Jamaica at 50: a time for reflection

Aloun Ndombet-Assamba

As Jamaica marks its 50th anniversary of independence, the small Caribbean island remembers some of its greatest achievements and looks forward to its bright future.

This year is a special one for Jamaica as we celebrate our golden jubilee as an inde­pendent nation. The government, through the Jamaica 50 Secretariat, collaborated with a number of stakeholders to organise a wide range of events for this year-long cel­ebration, including the Golden Jubilee Vil­lage, reggae concerts and dance festivals. The events culminated in a Grand Gala held at the National Stadium in Kingston, featur­ing cultural performances and the ceremo­nial arrivals of state officials.

This 50th year of independence presents us with an opportunity to reflect on our past achievements and the challenges that con­front us. In so doing, we can develop strat­egies to move the country forward, as we seek to make Jamaica the place of choice to live, work, raise families, invest and re­tire. In the words of Prime Minister Portia Simpson Miller, “the country boasts a ma­ture parliamentary system with institutions important for [the] preservation of our de­mocracy and which have been the product of bi-partisan parliamentary approach”.

Jamaica has also made significant strides in health care, achieved comparative stand­ards in infant mortality and life expectancy, made improvements in infrastructure and expanded access to education at all levels.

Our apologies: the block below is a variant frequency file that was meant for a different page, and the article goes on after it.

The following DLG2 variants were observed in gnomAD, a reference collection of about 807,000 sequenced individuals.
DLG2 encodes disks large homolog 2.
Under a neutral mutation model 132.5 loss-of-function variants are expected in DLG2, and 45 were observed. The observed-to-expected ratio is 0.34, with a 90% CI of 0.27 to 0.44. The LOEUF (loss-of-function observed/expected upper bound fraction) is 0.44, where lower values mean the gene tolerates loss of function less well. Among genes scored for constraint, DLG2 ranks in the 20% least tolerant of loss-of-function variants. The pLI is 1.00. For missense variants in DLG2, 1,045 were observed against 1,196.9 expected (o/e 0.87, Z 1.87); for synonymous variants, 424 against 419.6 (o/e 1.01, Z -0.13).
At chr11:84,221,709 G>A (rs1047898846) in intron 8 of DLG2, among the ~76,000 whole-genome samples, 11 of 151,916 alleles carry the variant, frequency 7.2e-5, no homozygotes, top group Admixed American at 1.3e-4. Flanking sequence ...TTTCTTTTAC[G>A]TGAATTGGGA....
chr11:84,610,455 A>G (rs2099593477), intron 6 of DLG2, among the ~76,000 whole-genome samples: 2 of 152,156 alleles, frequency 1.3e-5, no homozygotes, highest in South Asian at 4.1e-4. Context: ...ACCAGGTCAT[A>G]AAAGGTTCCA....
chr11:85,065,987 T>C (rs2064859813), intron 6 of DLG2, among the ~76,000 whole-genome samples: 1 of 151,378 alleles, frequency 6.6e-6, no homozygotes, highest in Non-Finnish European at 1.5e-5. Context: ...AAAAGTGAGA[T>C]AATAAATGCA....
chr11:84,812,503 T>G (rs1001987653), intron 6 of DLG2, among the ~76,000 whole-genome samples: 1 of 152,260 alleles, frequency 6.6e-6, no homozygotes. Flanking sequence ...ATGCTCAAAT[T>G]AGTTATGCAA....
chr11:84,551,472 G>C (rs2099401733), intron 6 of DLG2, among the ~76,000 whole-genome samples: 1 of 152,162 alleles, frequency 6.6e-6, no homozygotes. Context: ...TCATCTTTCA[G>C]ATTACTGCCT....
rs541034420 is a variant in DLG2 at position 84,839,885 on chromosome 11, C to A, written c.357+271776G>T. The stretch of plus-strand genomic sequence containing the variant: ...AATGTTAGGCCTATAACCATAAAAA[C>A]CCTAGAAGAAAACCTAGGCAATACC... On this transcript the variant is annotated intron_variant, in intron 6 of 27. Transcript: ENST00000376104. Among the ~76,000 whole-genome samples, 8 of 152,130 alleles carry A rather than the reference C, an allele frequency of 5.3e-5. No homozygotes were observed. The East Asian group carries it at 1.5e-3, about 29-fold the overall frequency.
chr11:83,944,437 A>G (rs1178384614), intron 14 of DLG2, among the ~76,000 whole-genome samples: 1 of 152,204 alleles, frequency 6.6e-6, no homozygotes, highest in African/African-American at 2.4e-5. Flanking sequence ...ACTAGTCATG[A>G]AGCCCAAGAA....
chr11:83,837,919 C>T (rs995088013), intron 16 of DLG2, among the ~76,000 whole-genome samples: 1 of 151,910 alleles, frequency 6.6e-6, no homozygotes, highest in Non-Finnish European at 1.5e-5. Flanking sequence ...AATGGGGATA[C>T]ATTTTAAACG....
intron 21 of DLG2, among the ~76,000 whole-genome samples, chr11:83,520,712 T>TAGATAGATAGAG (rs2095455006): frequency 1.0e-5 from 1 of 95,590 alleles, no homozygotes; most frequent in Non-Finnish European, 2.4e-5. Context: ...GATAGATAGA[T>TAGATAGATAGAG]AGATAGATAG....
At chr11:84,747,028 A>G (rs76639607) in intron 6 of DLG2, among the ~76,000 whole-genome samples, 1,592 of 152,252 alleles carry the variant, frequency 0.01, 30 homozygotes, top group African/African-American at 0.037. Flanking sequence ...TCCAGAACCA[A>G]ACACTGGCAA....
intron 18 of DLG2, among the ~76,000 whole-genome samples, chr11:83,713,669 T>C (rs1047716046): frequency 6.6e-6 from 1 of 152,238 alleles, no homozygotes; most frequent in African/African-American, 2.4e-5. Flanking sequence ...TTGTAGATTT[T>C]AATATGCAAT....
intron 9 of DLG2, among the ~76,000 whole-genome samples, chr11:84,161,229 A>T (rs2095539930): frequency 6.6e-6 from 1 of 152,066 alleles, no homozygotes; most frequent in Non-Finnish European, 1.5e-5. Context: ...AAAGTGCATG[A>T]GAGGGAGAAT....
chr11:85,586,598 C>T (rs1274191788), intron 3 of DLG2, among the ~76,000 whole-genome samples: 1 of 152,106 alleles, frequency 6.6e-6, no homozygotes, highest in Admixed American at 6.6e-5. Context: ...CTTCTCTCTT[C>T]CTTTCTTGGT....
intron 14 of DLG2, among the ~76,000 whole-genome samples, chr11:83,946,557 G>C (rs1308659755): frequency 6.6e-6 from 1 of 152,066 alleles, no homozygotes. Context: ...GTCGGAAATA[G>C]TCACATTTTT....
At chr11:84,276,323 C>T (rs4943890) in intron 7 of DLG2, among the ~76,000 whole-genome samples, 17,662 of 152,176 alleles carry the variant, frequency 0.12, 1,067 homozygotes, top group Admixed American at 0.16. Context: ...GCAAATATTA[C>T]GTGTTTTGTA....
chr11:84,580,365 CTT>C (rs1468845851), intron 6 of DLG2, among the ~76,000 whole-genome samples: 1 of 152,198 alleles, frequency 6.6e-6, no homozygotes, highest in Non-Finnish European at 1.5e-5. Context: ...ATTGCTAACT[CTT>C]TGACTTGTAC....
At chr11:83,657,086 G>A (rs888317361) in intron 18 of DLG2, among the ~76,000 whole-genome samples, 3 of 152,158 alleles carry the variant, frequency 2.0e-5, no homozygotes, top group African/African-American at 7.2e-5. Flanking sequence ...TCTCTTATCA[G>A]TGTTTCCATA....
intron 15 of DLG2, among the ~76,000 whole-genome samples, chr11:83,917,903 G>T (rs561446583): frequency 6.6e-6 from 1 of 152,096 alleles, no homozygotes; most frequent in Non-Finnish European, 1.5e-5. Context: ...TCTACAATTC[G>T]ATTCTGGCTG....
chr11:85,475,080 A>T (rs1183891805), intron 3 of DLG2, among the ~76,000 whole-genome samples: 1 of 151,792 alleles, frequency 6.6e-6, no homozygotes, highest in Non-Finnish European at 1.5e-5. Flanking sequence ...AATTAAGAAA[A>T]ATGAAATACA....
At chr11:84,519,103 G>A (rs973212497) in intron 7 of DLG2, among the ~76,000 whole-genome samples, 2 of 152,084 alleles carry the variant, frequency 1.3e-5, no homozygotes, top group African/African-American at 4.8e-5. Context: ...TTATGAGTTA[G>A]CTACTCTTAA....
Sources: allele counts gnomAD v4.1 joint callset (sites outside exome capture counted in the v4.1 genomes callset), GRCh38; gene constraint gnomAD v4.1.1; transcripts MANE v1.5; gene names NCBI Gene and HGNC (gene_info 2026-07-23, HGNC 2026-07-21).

On the international stage, Jamaica is known for its independent and principled foreign policy. We have made major con­tributions to the Commonwealth and the United Nations – in particular, to the Se­curity Council for which we have held the presidency on two occasions.

Since our exploits at the 2008 Olympics in Beijing, Jamaica has been recognised as the ‘sprint capital’ of the world. The feat was repeated at this year’s Olympic Games in London. The extraordinary perform­ances of our athletes, such as Usain Bolt, Shelly-Ann Fraser-Pryce and Yohan Blake, have placed our nation at the pinnacle of sporting history.

When you take into account Jamaica’s size and population, we punch far above our weight.

About the author:

Aloun Ndombet-Assamba is High Commissioner for Jamaica


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